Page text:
Valeriya, Lenin, Merlini, housework
My live TV show, beaming out of Moscow across ten time zones in Russia, got off too a spectacular start even before the first episode. The state broadcaster, RTR, urged me to make a series of commercials to psych up audiences for the Beijing Olympics.
“Bring Lenin to life,” he urges me. “Resurrect him. I don’t care how you do it, I don’t want to know. Just mystify us. Raise Lenin from the dead and I guarantee you 100 per cent ratings. Worldwide!”
And I think I just might know how to do it…
Vladimir Ilyich Lenin, the architect of the communist Soviet Union, lies embalmed at the Mausoleum in Red Square. His mummified corpse is an icon and the man himself is revered as a saint, even in a country which has supposedly thrown off the communist yoke and embraced capitalism.
Many Muscovites see their hardline prime minister and former president, Vladimir Putin, as Lenin’s spiritual successor. Raising him from the dead on a TV show would be tantamount to blasphemy. And yes, as the boss says, it would be very good for the ratings.
Most bizarre of all, Lenin almost died at our TV studios. Before television was even invented, in 1918, he was shot twice by a Jewish woman, Fanya Kaplan, as he stood on the running board of his limousine after making a speech. One bullet lodged in his arm, the other smashed into the base of his jaw, filling his lungs with blood.
Lenin survived, but his health never recovered and most historians believe his wounds contributed to the succession of strokes which killed him four years later, aged 53. Conspiracy theorists claim Kaplan, a member of the Soviet Revolutionary Party, had poisoned the bullets.
A statue of Lenin stands on the spot where he was gunned down. Many believe Kaplan launched the personality cult which has given Lenin his immortality. No assassin, no Mauseleum…
As I posed for photographers at a publicity shoot in German TV station Pro-Sieben this week, with the tennis veteran Boris Becker and the Hungarian escapologist David Merlini this week, I was struck by Merlini’s uncanny resemblence to Lenin. He might share a birthday with his own hero, Harry Houdini, but his facial features are those of a different kind of showman.
Stick a goatee and moustache on David and he could be the reincarnation of the Chairman of the Council of People’s Commissars. And if there’s one man in the world who could lie in a mausoleum for a week without twitching a muscle, it’s Merlini. The man is superhuman.
My show, Phenomenon, is all about mystification and marvels. I don’t want to know how my contestants achieve their results. And even if Merlini wanted to impersonate Lenin, I have no idea how he could smuggle himself into the Mauseleum.
It would make good TV though.
What I do know is that Merlini will be launched as an international star with an event in Cannes on 14 October. I don’t want to reveal exactly what this spectacular will involve, but I can reveal he was inspired to make the attempt after reading my novel, Ella.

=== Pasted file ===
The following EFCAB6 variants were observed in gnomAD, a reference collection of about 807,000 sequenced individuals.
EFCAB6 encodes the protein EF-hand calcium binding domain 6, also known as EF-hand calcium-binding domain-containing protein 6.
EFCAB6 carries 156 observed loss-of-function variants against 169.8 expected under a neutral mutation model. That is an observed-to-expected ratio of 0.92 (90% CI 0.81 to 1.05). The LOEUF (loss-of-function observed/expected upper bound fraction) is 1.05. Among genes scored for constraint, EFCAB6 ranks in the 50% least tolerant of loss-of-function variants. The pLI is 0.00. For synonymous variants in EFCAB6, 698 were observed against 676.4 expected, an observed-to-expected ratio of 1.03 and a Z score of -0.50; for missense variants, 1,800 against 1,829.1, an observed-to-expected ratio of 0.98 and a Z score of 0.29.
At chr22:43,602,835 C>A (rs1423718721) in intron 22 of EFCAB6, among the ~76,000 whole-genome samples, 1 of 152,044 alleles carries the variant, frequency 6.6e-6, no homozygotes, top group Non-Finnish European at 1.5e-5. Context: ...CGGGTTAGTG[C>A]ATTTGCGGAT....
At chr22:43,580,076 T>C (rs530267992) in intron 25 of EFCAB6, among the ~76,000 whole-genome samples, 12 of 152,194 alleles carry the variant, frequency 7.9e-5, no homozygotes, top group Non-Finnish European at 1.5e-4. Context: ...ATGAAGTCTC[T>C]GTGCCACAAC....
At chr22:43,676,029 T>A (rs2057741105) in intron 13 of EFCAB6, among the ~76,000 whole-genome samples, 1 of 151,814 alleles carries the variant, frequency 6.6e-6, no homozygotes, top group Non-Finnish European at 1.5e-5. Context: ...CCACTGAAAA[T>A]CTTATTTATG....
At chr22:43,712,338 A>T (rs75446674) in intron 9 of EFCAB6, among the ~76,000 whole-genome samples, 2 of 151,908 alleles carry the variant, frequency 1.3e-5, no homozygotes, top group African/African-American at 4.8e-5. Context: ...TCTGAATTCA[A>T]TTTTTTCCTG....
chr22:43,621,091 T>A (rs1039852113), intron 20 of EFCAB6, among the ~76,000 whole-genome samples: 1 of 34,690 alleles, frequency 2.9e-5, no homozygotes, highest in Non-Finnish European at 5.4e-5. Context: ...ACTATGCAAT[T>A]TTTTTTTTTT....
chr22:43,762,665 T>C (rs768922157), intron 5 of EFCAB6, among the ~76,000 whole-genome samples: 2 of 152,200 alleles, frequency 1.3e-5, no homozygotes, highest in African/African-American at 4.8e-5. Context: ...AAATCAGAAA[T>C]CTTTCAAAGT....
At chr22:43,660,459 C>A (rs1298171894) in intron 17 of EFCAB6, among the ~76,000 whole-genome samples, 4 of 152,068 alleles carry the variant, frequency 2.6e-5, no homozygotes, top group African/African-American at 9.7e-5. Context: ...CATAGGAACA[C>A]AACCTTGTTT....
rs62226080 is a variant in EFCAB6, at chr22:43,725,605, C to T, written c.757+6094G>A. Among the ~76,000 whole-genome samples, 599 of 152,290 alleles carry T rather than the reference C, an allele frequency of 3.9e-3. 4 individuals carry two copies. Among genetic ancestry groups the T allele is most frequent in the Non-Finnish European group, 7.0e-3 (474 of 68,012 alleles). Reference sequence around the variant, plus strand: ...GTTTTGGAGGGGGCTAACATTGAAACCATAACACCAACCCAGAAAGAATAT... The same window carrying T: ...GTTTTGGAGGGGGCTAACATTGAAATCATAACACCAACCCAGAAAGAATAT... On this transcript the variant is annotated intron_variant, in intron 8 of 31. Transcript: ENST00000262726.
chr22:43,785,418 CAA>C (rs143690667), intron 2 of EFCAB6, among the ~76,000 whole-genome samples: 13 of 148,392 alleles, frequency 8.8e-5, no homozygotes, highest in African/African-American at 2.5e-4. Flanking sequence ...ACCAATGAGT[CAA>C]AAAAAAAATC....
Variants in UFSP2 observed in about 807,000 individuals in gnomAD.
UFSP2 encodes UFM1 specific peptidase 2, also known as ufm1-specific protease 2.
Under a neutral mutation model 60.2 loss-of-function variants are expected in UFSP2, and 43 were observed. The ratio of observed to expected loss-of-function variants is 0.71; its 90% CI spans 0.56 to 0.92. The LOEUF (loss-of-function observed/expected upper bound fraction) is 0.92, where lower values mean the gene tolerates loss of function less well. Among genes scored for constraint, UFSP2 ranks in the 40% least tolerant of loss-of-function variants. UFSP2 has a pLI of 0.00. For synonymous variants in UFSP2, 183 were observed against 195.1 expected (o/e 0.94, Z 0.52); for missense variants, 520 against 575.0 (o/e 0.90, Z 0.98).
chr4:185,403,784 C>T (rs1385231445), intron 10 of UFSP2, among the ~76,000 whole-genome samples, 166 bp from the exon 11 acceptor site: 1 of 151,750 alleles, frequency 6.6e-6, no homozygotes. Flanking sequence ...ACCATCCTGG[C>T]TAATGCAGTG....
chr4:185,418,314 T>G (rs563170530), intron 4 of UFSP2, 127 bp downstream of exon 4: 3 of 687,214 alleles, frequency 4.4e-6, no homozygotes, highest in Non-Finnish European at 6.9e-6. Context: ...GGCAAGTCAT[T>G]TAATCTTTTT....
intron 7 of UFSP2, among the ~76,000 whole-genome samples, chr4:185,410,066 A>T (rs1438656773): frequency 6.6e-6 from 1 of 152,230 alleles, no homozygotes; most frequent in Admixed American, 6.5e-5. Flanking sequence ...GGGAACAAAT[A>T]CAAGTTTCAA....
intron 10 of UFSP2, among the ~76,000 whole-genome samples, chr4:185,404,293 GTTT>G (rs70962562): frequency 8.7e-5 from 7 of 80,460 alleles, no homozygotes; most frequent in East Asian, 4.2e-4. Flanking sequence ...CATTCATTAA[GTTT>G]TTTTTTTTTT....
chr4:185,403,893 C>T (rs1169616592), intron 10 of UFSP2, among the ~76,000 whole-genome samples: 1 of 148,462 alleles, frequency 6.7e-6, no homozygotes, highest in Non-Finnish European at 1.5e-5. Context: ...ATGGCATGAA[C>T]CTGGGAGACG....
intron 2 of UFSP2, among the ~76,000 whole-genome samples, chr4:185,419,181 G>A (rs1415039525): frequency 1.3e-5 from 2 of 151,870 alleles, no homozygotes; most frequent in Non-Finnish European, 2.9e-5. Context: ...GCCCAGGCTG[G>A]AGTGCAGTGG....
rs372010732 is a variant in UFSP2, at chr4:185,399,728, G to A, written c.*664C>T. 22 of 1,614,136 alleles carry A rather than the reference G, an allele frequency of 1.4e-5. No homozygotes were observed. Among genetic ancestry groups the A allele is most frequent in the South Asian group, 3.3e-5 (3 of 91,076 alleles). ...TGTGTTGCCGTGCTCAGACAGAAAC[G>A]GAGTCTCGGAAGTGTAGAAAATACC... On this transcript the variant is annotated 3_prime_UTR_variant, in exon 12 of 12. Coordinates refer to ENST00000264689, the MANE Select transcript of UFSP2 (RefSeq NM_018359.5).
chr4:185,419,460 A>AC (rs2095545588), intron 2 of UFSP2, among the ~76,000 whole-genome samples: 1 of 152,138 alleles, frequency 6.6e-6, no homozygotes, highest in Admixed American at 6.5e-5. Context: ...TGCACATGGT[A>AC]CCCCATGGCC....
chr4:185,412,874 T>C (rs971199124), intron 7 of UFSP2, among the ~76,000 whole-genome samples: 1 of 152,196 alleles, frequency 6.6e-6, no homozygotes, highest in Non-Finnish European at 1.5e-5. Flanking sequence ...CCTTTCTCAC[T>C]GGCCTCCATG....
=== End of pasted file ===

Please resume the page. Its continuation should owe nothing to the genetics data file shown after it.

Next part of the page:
I am confident he can do it: since I discovered him in Budapest this year, I have been constantly amazed by his feats of endurance. If anyone can turn fiction into reality, it’s Merlini.
We were joined on our second show by Russia’s version of Madonna, the incredible Valeriya, who has sold over 100m records worldwide in her 20 year career. You might have seen her interviewed recently on the Lorraine Kelly show — I first encountered her in the mid-Nineties, when I starred in a pop video with her.
She’s a genuinely nice woman, who has not been changed by her riches and her fame. Her husband, Joseph Prigozhin, runs Nox Music and wants to collaborate with me on commercials and perhaps a pop single.
Valeriya, whose real name is Alla Yuryevna Perfilova, told me she has designed a line of jewellery, called “De Leri”, for Smolensk Diamonds. I’d love to see her creations sold alongside mine in the gem galleries of Bond Street.
My favourite artwork at the moment is a blue ceramic fish, which sits beside my laptop. It is a gift from Sava, the young son of my interpreter — he painted and signed it himself.
My art collection includes sculptures by Dali and paintings by some of the greatest names of modern art, but the creations of children, given from the heart, are more baluable than any of these.
If you want to get fit, here’s Uri’s tip: pick up your duster. Psychologists from Harvard have proved that housework is fantastic exercise — if you believe it’s doing your body good. Alia Crum and Ellen Langer interviewed 86 hotel maids, all of them overweight, who were cleaning an average of 15 rooms a day. They gave half the women a scientific slideshow, explaining what a great workout they were getting when they changed the bedding and vacuumed the floors.
The other women were left to get on with it, and a month later they were no fitter than before. But the lucky ones, who knew how healthy their work could be, shed pounds of fat, especially from their hips, and saw their blood pressure fall.
Like I always say… you’ll see it when you believe it!
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